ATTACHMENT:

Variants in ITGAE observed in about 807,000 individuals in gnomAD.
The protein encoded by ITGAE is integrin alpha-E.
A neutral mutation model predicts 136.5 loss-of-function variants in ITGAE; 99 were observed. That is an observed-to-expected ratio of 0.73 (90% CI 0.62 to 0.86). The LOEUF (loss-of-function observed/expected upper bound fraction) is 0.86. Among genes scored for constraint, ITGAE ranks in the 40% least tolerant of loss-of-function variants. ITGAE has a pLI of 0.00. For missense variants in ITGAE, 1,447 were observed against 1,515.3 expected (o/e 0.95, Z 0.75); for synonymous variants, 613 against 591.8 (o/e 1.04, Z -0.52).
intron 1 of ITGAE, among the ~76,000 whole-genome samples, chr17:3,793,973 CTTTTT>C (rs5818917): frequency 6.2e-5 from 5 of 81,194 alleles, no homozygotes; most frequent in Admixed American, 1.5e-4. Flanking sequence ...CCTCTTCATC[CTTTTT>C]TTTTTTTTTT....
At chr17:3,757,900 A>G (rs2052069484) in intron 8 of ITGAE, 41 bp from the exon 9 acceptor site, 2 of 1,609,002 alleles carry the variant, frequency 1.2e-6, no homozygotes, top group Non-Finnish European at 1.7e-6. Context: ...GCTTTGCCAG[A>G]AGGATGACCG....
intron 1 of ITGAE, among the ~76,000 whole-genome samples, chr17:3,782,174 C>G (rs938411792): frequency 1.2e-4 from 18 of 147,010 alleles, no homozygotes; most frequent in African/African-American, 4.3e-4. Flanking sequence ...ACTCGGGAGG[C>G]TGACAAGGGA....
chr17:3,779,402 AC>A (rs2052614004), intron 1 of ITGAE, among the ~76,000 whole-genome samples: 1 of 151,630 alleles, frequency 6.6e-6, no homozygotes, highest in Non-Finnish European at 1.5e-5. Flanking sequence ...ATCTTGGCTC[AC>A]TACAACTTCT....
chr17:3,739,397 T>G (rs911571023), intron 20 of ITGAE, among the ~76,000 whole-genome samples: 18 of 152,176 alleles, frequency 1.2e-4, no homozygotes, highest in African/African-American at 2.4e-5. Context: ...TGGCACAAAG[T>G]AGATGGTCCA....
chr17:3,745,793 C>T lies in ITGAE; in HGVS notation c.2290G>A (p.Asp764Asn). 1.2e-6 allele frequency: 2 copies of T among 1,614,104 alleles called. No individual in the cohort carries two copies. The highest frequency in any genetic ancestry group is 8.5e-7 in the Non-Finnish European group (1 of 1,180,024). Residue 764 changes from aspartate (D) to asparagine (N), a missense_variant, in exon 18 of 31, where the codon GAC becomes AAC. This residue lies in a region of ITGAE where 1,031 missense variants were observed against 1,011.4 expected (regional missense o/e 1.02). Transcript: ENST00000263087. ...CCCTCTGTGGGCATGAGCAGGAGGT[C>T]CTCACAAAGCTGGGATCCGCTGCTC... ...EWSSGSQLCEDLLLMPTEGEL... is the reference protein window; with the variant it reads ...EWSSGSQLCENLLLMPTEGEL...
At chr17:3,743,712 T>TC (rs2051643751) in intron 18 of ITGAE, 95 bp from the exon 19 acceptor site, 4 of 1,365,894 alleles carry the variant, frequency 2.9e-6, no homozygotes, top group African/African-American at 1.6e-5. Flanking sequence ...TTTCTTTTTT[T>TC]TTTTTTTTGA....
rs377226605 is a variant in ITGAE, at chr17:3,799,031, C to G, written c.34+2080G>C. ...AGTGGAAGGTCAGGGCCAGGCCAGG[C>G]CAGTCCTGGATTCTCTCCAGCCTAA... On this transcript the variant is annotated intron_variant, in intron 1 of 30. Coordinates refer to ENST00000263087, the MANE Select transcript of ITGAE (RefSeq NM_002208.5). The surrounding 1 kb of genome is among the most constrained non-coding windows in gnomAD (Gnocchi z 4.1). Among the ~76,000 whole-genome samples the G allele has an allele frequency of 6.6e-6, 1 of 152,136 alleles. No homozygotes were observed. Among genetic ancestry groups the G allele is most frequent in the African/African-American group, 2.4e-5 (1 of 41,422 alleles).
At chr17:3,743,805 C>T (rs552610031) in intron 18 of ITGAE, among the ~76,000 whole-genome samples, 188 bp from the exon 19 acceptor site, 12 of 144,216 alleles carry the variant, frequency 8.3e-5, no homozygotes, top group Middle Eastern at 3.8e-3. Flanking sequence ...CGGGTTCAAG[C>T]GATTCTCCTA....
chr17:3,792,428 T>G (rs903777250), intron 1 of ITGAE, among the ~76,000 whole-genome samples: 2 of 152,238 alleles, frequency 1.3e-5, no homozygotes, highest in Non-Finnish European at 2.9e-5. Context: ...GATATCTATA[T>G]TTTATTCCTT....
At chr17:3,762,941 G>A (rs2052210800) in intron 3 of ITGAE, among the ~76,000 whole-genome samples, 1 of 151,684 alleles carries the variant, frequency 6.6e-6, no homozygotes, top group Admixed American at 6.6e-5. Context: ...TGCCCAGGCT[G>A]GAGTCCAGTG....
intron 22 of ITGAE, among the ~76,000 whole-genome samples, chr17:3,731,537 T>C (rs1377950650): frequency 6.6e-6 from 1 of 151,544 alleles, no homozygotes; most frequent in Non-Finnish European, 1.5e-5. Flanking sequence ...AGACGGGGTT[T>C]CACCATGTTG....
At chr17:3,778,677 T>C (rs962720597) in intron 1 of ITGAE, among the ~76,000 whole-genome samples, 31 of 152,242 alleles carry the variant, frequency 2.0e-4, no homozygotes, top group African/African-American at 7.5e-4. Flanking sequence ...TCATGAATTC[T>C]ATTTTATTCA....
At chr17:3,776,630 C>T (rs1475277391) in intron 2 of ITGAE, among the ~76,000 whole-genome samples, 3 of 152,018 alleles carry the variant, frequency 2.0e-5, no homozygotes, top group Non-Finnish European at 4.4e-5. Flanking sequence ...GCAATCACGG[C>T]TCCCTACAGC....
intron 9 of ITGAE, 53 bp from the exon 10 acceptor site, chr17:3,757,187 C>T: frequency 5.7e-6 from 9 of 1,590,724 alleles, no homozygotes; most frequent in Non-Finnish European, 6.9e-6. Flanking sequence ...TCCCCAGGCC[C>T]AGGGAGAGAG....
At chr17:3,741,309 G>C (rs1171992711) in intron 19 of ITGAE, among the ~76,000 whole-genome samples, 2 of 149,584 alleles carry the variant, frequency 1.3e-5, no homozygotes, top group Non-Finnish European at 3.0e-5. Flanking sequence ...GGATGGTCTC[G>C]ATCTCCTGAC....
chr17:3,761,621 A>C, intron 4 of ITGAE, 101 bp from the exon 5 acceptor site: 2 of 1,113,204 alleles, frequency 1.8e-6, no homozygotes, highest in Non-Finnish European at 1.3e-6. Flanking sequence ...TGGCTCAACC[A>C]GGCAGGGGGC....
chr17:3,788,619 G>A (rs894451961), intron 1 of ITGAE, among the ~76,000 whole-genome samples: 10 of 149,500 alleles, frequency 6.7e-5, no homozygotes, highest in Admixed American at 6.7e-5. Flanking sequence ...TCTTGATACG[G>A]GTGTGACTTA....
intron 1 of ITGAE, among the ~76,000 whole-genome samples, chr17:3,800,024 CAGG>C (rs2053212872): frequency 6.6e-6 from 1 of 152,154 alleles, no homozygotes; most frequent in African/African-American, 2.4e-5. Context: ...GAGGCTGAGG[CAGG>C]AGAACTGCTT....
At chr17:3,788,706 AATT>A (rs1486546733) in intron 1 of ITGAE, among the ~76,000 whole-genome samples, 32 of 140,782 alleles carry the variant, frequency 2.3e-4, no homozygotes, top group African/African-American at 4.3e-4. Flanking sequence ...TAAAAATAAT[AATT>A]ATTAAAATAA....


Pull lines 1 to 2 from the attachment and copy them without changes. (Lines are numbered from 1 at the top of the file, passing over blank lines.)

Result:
Variants in ITGAE observed in about 807,000 individuals in gnomAD.
The protein encoded by ITGAE is integrin alpha-E.